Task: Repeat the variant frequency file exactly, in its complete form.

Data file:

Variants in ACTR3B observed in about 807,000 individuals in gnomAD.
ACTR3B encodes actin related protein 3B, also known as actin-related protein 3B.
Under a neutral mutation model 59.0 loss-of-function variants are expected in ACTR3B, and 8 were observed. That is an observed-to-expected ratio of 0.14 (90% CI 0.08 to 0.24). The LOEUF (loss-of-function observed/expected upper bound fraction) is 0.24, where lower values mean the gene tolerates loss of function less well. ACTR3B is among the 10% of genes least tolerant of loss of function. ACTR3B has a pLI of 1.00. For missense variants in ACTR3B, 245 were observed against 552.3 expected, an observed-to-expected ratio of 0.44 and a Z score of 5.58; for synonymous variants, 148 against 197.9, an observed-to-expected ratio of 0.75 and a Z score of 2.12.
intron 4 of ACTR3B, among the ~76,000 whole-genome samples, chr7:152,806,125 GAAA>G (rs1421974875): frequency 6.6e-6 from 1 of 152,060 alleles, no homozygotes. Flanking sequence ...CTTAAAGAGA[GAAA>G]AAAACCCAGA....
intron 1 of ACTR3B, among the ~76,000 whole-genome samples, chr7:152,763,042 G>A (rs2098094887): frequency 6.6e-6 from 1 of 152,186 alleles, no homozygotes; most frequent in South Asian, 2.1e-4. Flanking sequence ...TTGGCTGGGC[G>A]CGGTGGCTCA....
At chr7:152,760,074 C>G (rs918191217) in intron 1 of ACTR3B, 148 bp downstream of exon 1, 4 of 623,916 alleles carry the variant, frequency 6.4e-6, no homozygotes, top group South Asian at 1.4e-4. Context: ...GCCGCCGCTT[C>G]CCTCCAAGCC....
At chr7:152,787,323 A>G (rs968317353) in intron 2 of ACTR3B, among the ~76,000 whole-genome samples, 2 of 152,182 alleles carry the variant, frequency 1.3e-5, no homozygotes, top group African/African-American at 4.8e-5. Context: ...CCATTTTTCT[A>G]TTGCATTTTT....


Variants in ACTR3B observed in about 807,000 individuals in gnomAD.
ACTR3B encodes actin related protein 3B, also known as actin-related protein 3B.
Under a neutral mutation model 59.0 loss-of-function variants are expected in ACTR3B, and 8 were observed. That is an observed-to-expected ratio of 0.14 (90% CI 0.08 to 0.24). The LOEUF (loss-of-function observed/expected upper bound fraction) is 0.24, where lower values mean the gene tolerates loss of function less well. ACTR3B is among the 10% of genes least tolerant of loss of function. ACTR3B has a pLI of 1.00. For missense variants in ACTR3B, 245 were observed against 552.3 expected, an observed-to-expected ratio of 0.44 and a Z score of 5.58; for synonymous variants, 148 against 197.9, an observed-to-expected ratio of 0.75 and a Z score of 2.12.
intron 4 of ACTR3B, among the ~76,000 whole-genome samples, chr7:152,806,125 GAAA>G (rs1421974875): frequency 6.6e-6 from 1 of 152,060 alleles, no homozygotes. Flanking sequence ...CTTAAAGAGA[GAAA>G]AAAACCCAGA....
intron 1 of ACTR3B, among the ~76,000 whole-genome samples, chr7:152,763,042 G>A (rs2098094887): frequency 6.6e-6 from 1 of 152,186 alleles, no homozygotes; most frequent in South Asian, 2.1e-4. Flanking sequence ...TTGGCTGGGC[G>A]CGGTGGCTCA....
At chr7:152,760,074 C>G (rs918191217) in intron 1 of ACTR3B, 148 bp downstream of exon 1, 4 of 623,916 alleles carry the variant, frequency 6.4e-6, no homozygotes, top group South Asian at 1.4e-4. Context: ...GCCGCCGCTT[C>G]CCTCCAAGCC....
At chr7:152,787,323 A>G (rs968317353) in intron 2 of ACTR3B, among the ~76,000 whole-genome samples, 2 of 152,182 alleles carry the variant, frequency 1.3e-5, no homozygotes, top group African/African-American at 4.8e-5. Context: ...CCATTTTTCT[A>G]TTGCATTTTT....